Orastes cast a furtive glance at his companions, who stood staring in morbid fascination at their strange guest. Their iron nerves had withstood an ordeal that might have driven weaker men mad. He knew it was with no weaklings that he conspired, but men whose courage was as profound as their lawless ambitions and capacity for evil. He turned his attention to the figure in the ebon-black chair. And this one spoke at last.
“I remember,” he said in a strong, resonant voice, speaking Nemedian with a curious, archaic accent. “I am Xaltotun, who was high priest of Set in Python, which was in Acheron. The Heart of Ahriman—I dreamed I had found it again—where is it?”
Orastes placed it in his hand, and he drew breath deeply as he gazed into the depths of the terrible jewel burning in his grasp.
“They stole it from me, long ago,” he said. “The red heart of the night it is, strong to save or to damn. It came from afar, and from long ago. While I held it, none could stand before me. But it was stolen from me, and Acheron fell, and I fled an exile into dark Stygia. Much I remember, but much I have forgotten. I have been in a far land, across misty voids and gulfs and unlit oceans. What is the year?”
Orastes answered him. “It is the waning of the Year of the Lion, three thousand years after the fall of Acheron.”
“Three thousand years!” murmured the other. “So long? Who are you?”
“I am Orastes, once a priest of Mitra. This man is Amalric, baron of Tor, in Nemedia; this other is Tarascus, younger brother of the king of Nemedia; and this tall man is Valerius, rightful heir of the throne of Aquilonia.”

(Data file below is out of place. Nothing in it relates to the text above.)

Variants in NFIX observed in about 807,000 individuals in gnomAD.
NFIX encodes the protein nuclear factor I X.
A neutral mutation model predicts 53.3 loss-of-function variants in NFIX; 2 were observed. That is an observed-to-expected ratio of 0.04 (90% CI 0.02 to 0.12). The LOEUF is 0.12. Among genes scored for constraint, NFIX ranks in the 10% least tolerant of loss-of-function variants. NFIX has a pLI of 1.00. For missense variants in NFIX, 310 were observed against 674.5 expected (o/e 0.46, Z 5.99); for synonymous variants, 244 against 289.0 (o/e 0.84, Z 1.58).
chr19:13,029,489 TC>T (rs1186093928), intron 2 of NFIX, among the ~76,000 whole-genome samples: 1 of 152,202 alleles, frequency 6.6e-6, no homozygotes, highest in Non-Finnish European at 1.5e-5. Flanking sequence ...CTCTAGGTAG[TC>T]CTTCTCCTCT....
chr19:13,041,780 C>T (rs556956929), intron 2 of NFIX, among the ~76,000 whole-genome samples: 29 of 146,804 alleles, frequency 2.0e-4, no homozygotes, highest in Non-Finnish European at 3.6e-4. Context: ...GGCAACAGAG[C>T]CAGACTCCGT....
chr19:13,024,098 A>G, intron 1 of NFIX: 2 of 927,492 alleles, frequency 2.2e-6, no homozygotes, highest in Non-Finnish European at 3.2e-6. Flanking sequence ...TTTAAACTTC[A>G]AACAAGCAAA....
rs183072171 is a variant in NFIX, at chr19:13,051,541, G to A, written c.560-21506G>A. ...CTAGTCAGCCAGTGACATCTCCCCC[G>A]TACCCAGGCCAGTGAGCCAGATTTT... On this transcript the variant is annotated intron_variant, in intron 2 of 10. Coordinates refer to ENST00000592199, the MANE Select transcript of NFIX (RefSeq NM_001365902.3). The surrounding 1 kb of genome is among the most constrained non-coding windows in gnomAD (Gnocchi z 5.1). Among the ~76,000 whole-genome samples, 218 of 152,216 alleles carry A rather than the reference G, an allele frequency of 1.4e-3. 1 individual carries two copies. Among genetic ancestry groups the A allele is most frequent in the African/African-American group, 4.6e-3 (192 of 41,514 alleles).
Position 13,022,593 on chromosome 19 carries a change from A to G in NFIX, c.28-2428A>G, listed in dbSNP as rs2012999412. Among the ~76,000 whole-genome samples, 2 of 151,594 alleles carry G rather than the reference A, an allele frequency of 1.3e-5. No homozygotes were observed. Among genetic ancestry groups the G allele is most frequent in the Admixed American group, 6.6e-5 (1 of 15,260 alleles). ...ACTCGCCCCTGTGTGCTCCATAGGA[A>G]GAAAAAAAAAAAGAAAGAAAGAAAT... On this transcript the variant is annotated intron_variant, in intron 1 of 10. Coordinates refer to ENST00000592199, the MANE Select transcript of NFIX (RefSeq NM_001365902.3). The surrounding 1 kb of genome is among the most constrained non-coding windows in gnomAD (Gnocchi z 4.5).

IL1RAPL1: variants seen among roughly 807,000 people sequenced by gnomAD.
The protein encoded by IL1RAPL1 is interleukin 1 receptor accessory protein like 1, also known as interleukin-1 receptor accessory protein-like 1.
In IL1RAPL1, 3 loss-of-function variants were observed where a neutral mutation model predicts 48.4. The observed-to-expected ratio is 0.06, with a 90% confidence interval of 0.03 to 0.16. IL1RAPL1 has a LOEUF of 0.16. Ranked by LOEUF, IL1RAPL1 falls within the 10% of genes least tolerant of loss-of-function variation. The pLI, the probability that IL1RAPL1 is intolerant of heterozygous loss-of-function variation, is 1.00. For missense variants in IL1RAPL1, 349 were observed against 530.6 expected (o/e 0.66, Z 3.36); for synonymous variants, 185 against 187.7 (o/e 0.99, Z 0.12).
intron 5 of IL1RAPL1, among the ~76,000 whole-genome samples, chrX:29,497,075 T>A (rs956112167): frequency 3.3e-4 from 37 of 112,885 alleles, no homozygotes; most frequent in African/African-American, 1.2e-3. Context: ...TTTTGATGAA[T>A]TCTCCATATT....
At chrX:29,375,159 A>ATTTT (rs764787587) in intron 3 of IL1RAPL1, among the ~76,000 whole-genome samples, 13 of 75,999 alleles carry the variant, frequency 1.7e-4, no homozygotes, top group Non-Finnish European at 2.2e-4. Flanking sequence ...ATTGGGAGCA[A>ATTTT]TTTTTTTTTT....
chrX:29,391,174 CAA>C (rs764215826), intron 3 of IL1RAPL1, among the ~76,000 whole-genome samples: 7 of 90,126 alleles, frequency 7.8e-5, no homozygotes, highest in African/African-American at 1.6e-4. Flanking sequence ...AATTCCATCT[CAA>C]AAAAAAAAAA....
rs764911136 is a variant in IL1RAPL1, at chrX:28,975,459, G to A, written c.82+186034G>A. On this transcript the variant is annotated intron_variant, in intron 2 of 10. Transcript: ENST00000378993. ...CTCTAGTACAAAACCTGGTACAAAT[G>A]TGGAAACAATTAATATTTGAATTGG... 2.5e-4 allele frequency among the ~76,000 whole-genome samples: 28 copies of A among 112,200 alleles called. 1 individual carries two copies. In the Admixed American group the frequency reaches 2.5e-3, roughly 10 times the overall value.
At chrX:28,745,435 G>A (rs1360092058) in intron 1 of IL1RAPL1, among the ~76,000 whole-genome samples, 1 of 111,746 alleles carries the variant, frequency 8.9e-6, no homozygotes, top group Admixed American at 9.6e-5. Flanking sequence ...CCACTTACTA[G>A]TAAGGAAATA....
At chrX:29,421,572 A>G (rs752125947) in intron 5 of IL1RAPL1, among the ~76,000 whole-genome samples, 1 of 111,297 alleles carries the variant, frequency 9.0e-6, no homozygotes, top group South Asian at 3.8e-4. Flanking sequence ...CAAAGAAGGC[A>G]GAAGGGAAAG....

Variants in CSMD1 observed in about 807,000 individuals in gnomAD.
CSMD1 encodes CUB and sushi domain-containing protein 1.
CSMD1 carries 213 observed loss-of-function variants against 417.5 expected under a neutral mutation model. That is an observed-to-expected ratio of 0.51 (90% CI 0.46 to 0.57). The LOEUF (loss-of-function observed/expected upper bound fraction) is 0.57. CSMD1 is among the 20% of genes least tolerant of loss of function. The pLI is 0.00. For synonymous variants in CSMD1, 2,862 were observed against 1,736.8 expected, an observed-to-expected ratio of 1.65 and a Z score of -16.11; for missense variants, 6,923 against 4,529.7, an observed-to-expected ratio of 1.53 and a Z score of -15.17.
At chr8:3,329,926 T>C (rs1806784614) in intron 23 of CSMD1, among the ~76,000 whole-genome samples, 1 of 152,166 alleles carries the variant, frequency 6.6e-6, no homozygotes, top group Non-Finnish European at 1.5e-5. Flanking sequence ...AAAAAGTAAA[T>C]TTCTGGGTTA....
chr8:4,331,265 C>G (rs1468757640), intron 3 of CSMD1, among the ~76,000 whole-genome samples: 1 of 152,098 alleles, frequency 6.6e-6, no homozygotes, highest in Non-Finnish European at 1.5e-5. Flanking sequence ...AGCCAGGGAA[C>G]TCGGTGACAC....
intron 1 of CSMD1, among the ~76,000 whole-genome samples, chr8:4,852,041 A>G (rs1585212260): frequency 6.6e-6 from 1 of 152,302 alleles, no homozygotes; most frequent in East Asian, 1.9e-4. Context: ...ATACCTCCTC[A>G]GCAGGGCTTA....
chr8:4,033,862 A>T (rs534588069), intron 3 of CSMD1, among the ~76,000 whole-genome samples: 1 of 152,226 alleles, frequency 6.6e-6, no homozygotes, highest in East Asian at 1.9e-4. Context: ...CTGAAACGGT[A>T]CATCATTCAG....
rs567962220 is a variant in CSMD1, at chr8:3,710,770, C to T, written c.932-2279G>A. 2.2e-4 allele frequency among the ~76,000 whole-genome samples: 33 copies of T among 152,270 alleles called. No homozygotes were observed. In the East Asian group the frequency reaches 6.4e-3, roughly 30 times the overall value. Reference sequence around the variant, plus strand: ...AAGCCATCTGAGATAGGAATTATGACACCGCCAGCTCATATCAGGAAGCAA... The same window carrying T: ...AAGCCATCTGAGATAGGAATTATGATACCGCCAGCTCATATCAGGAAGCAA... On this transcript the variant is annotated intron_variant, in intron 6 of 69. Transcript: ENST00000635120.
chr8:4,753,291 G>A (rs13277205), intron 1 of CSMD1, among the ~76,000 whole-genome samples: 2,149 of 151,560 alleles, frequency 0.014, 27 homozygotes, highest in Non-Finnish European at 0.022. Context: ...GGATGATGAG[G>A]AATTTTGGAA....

“Why have you given me life?” demanded Xaltotun. “What do you require of me?”
The man was now fully alive and awake, his keen eyes reflecting the working of an unclouded brain. There was no hesitation or uncertainty in his manner. He came directly to the point, as one who knows that no man gives something for nothing. Orastes met him with equal candor.
“We have opened the doors of Hell this night to free your soul and return it to your body because we need your aid. We wish to place Tarascus on the throne of Nemedia, and to win for Valerius the crown of Aquilonia. With your necromancy you can aid us.”
Xaltotun’s mind was devious and full of unexpected slants.
“You must be deep in the arts yourself, Orastes, to have been able to restore my life. How is it that a priest of Mitra knows of the Heart of Ahriman, and the incantations of Skelos?”
“I am no longer a priest of Mitra,” answered Orastes. “I was cast forth from my order because of my delving in black magic. But for Amalric there I might have been burned as a magician.
“But that left me free to pursue my studies. I journeyed in Zamora, in Vendhya, in Stygia, and among the haunted jungles of Khitai. I read the iron-bound books of Skelos, and talked with unseen creatures in deep wells, and faceless shapes in black reeking jungles. I obtained a glimpse of your sarcophagus in the demon-haunted crypts below the black giant-walled temple of Set in the hinterlands of Stygia, and I learned of the arts that would bring back life to your shriveled corpse. From moldering manuscripts I learned of the Heart of Ahriman. Then for a year I sought its hiding-place, and at last I found it.”
“Then why trouble to bring me back to life?” demanded Xaltotun, with his piercing gaze fixed on the priest. “Why did you not employ the Heart to further your own power?”
“Because no man today knows the secrets of the Heart,” answered Orastes. “Not even in legends live the arts by which to loose its full powers. I knew it could restore life; of its deeper secrets I am ignorant. I merely used it to bring you back to life. It is the use of your knowledge we seek. As for the Heart, you alone know its awful secrets.”
Xaltotun shook his head, staring broodingly into the flaming depths.
“My necromantic knowledge is greater than the sum of all the knowledge of other men,” he said; “yet I do not know the full power of the jewel. I did not invoke it in the old days; I guarded it lest it be used against me. At last it was stolen, and in the hands of a feathered shaman of the barbarians it defeated all my mighty sorcery. Then it vanished, and I was poisoned by the jealous priests of Stygia before I could learn where it was hidden.”